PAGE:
My question, is there any way to short circuit any possible investigation by explaining upfront what I am attempting to do, so it is not seen as suspicious or am I overthinking the entire thing?

Any insight, I would greatly appreciate.

Thanks,
Kmersh
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Old Jan 3, 17, 10:38 am
  #3  
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You are overthinking it. There is nothing suspicious about simply redeeming an award for someone else, even if you aren't flying on the same flights. Book the flight for your friend and don't worry (and congrats to her for beating cancer).
Marsh11 likes this.
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Old Jan 3, 17, 10:41 am
  #4  
 
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Originally Posted by kmersh View Post
  1. I have enough miles in my Advantage account for one round trip ticket in First Class on Cathay Pacific Airlines to BKK.
  2. I have enough miles in my Alaska Airlines account for one round trip ticket in First Class on Cathay Pacific Airlines to BKK.
I am sorry to hear of your friend's illness and I hope that she fights it off.

Ignoring other considerations, can you get the tickets as two one ways with both of you on the same PNR? This woulkd show that you are travelling together and also makes it less likely that you will be parted in the case of IRROPS.
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Old Jan 3, 17, 10:43 am
  #5  
 
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If you are both flying from the same city - just link the PNR's when you make the second reservation.

Either way - this situation is easily explainable if any questions are asked since you are flying on the same itinerary and you could answer any questions about the person traveling on your award (name, address, age etc) - unlike somebody who has sold an award to an unknown traveler. Most importantly - your guest would also be able to explain where they got the ticket.

I have given away dozens of tickets to friends and family over the past 20 years - no issues at all.

There are no rules against gifting tickets - just selling.
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Old Jan 3, 17, 10:44 am
  #6  
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Originally Posted by kmersh View Post
TO BE CLEAR: I have not done anything yet, I wanted to consult your collective knowledge before I did anything and if I loose the award space, so be it.

A few key points:
  1. I have enough miles in my Advantage account for one round trip ticket in First Class on Cathay Pacific Airlines to BKK.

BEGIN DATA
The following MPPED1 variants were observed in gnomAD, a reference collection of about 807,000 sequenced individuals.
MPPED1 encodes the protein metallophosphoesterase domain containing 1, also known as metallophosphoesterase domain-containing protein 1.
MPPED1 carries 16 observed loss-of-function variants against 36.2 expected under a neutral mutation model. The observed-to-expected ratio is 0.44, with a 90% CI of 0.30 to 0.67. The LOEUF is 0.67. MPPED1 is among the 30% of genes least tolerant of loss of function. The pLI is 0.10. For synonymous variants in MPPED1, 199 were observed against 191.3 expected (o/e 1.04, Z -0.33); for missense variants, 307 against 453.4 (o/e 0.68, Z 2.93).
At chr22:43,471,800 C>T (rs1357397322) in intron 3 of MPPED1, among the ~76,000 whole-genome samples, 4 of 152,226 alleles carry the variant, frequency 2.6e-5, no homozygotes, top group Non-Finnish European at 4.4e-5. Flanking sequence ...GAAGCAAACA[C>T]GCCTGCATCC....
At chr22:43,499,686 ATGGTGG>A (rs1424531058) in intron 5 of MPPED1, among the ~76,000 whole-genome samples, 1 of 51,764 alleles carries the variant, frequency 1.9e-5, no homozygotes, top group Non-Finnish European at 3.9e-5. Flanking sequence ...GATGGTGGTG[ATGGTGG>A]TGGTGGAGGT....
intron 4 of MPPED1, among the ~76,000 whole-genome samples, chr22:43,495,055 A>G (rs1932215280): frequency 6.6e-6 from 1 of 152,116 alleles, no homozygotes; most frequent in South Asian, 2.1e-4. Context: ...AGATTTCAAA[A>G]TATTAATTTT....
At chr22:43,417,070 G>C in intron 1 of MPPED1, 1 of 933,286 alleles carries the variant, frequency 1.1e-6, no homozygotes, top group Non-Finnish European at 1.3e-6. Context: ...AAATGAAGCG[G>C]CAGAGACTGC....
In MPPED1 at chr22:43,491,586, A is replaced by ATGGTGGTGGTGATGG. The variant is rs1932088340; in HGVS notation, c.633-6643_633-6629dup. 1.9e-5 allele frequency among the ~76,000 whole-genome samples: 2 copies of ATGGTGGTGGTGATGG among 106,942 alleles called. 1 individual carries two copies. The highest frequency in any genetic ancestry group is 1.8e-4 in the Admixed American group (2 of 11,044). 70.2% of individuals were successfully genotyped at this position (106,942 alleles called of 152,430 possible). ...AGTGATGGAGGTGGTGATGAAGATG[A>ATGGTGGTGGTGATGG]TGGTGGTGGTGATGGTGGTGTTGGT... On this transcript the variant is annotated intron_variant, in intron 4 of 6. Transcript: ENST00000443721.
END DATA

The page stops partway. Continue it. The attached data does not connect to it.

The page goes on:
2. I have enough miles in my Alaska Airlines account for one round trip ticket in First Class on Cathay Pacific Airlines to BKK.

My best friend from Medical School was recently found to be in complete remission from appendiceal cancer (a rare cancer to begin with). To celebrate we all (she, my wife and I) decided to go somewhere outside the USA and she picked BKK.

Fine, she is covering the hotels and I said that I would treat her to the flight and since she has always heard my Wife and I talk about First Class on this airline or that one, I would fly her in First Class. Since my Wife is going to be Tokyo for a conference anyway, she would use the conference to pay for the long part of the ticket and she would buy a ticket to BKK in cash.

Ok, now I have found award space on Cathay a small miracle in of itself and set out to pay for it, the issue I do not enough have miles in any account to pay for 2 tickets, but I have enough miles in the AA and AS accounts that I referenced above for a ticket each.

My fear AA will see me redeeming a ticket in a difference person's name, i.e. looks like I am selling ticket and not realize that I am myself flying on the same flights but using AS miles for my ticket or visa versa I use the AS miles for my friend's ticket and the AA miles for ticket and AS assumes I am selling the miles because I am not also in their eyes flying on the same flight.

Obviously, I could email AA or AS if either questioned the transaction a copy of my ticket, but that is after the investigation has started and it seems from reading this thread and others that the fraud departments are not quick to investigate and close their investigations.

My question, is there any way to short circuit any possible investigation by explaining upfront what I am attempting to do, so it is not seen as suspicious or am I overthinking the entire thing?

Any insight, I would greatly appreciate.

Thanks,
Kmersh
It is very common to "gift" miles/tickets to someone. The trick is to NOT talk about trading room for flights or any other form of barter, especially on travel forums (AA does monitor FT). Even though it sounds innocent enough, someone may choose to take it out of context and drop the hammer on you (jr staff looking to make points at work?).

Just keep an eye on all the rezzies to make sure they progress through to ticketed and stays there. Call AA at the first sign of anything wrong.
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Old Jan 3, 17, 12:27 pm
  #7  
 
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Originally Posted by kmersh View Post
...she is covering the hotels and I said that I would treat her to the flight ...
AA, in the strictest definition of the rules, could see this as bartering.

I think you have some good advice from others above.
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Old Jan 3, 17, 12:51 pm
  #8  
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Book a one-way reservation that the account owner AND the friend travel on the same itinerary, same PNR. Do the same on either AA or AS account - both are on one-way system therefore it makes things really simple and easy.